Two CE Community Members talk about publishing their winning stories in the Top Cow Talent Hunt!
Kenny Porter was a winning writer in the 2012 competition, followed by Devon Wong in 2013. Now, both writers talk with us about the experience of preparing their submissions, seeing their stories through to the print stage, and what they picked up along the way.
Devon and Kenny are both members of our Creators Workshop, and alums of our writing courses.
Here, Devon shares his take on the publication process. His story, “Through A Glass, Darkly,” is now on sale in Artifacts #38.
Read about Devon’s experience below – and find Kenny’s commentary here in Part 1!
What steps did you go through, from the time you learned of the winning entry through publication?
Things moved pretty fast. I learned that I was one of the winners and the very same night Top Cow President Matt Hawkins sent me ad copy that would be submitted for the Diamond solicitation, to be sent the next day. I actually found out on my way to a concert on my out-of-date, glitchy smartphone. That was step one: Wrestling with Android’s autocorrect and a glass of bourbon in a mosh pit. I was also told at that point which of the winning illustrators I’d been paired with: Isaac Goodheart.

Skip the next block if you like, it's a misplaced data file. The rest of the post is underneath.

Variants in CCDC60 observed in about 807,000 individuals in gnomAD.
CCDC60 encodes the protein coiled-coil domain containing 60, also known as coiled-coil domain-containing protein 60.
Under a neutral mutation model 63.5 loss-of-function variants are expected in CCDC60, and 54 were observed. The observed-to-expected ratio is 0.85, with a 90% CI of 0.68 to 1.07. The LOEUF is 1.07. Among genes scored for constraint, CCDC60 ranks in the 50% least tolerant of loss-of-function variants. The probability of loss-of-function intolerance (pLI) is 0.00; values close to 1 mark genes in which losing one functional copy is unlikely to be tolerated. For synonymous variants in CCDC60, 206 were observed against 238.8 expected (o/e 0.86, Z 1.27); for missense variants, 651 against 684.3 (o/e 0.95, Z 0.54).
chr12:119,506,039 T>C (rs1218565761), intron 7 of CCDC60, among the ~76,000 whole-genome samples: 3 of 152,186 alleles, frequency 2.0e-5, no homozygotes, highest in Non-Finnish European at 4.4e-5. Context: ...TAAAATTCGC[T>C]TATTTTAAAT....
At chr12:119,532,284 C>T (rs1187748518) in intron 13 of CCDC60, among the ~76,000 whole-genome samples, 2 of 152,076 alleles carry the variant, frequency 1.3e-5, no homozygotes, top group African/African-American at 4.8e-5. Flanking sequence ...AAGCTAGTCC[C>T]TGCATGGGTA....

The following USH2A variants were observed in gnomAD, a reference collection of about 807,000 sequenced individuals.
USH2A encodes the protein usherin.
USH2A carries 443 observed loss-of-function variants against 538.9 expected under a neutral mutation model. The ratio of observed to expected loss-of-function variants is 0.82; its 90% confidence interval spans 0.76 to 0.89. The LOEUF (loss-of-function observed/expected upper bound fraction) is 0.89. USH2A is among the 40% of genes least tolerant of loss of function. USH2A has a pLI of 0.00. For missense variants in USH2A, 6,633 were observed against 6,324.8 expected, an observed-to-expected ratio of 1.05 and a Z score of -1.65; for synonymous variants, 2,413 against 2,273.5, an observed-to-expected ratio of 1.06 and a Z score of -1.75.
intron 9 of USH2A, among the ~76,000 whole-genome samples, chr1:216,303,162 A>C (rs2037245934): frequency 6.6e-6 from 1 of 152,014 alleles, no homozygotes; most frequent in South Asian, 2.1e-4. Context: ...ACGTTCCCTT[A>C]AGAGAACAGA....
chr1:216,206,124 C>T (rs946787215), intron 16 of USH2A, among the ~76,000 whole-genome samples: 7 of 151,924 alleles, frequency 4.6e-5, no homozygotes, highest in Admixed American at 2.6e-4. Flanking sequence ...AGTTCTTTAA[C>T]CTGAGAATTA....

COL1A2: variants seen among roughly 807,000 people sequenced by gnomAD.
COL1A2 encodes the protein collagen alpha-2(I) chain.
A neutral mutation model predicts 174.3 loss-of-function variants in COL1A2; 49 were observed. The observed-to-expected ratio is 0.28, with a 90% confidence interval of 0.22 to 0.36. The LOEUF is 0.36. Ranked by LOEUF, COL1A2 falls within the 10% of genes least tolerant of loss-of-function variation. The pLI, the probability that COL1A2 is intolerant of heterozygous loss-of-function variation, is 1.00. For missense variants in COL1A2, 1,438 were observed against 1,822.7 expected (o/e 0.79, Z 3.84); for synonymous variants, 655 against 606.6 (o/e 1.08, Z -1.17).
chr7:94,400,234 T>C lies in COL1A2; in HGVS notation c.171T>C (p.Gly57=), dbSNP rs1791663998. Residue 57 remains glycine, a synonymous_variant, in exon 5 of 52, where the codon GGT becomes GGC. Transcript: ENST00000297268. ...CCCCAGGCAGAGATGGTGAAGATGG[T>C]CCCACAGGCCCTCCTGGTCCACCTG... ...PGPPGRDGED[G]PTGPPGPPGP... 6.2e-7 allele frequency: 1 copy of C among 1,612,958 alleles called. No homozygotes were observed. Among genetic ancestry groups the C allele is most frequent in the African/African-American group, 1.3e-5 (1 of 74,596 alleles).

I immediately Googled Isaac’s Deviant Art page. Then, Isaac sent me a message on Twitter and we had a bit of a social exchange and got to know each other a bit before our formal, professional introduction was made via Top Cow’s editor, Betsy Gonia.
Luckily, Isaac and I got along very well, so we were able to strike up a good dialogue and exchanged reference photos and ideas. This year, the stories were already written, as they were our contest submissions, so I only had to make a few tweaks to the script that week before the green light was given, and Isaac immediately started churning out layouts. He works digitally, so his layouts are also his rough pencils.
We were both brought into the editorial process via email. There was a lot of back-and-forth, especially during the layouts stage. Comments continued well into final inks. All told, the art was done in two months. There was a bit of back-and-forth at the lettering stage. Some small last-minute edits. Troy Peteri did the letters. He’s also the letterer on Kyle Higgins’ C.O.W.L., which was a neat Comics Experience connection [CE founder Andy Schmidt edits C.O.W.L.]. Then, before we knew it, Isaac and I were invited to a folder with a PDF of Eddie Swan’s gorgeous colors, and it was done.